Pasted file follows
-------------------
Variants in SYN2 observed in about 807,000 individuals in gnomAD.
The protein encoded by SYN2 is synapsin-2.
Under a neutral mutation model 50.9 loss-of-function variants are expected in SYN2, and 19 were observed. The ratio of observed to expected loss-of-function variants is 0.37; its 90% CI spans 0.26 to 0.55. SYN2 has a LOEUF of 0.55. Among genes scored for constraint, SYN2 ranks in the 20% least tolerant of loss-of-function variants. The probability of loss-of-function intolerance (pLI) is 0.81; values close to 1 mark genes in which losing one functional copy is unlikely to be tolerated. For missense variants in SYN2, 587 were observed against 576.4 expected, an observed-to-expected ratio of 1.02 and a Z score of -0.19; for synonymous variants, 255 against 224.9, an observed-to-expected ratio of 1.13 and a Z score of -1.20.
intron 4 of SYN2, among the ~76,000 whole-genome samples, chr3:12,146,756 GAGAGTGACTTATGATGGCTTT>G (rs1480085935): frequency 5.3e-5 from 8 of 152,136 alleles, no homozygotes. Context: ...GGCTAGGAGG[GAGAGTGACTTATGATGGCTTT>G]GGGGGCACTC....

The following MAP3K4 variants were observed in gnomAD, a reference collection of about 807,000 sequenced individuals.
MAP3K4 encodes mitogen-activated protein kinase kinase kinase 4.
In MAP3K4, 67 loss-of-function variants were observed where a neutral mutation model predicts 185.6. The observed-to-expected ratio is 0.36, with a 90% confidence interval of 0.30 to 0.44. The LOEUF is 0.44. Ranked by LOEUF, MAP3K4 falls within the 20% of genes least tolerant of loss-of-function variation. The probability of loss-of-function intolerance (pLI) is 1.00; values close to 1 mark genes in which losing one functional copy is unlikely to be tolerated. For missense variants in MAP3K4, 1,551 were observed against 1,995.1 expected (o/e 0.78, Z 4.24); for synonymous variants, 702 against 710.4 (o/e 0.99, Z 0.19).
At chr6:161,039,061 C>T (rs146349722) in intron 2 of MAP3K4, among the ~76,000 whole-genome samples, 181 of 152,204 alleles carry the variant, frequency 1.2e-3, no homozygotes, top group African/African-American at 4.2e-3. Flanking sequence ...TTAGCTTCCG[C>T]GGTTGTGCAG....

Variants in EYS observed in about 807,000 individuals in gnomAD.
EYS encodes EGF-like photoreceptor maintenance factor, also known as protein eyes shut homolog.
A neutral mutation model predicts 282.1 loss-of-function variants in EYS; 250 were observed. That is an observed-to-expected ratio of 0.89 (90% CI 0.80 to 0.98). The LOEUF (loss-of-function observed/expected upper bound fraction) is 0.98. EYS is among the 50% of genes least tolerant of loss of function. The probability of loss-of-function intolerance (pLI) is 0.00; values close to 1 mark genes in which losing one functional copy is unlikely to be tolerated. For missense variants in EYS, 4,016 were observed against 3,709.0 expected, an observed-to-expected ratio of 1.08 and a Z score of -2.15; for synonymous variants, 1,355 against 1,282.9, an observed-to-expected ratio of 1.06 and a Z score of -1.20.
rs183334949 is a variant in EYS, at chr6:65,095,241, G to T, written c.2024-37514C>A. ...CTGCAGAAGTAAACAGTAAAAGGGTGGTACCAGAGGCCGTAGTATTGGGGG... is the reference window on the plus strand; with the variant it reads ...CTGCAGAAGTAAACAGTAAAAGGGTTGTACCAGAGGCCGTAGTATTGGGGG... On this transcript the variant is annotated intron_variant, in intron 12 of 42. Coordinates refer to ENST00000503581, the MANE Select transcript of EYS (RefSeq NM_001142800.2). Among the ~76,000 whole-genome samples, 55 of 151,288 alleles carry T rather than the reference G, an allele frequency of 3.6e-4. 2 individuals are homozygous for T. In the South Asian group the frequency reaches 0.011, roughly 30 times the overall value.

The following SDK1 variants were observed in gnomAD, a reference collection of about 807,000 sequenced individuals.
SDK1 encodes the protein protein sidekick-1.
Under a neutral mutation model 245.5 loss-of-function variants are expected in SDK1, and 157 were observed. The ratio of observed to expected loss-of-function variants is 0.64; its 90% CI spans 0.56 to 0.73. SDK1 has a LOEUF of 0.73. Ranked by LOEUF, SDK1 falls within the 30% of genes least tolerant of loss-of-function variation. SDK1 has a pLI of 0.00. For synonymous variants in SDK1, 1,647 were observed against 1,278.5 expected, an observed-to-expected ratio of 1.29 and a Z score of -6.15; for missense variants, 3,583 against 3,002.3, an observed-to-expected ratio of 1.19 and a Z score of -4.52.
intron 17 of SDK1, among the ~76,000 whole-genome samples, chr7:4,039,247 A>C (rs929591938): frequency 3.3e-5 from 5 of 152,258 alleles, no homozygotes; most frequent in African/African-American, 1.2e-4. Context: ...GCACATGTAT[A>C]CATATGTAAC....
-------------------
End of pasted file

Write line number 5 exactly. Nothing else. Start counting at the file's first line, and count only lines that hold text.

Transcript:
The following MAP3K4 variants were observed in gnomAD, a reference collection of about 807,000 sequenced individuals.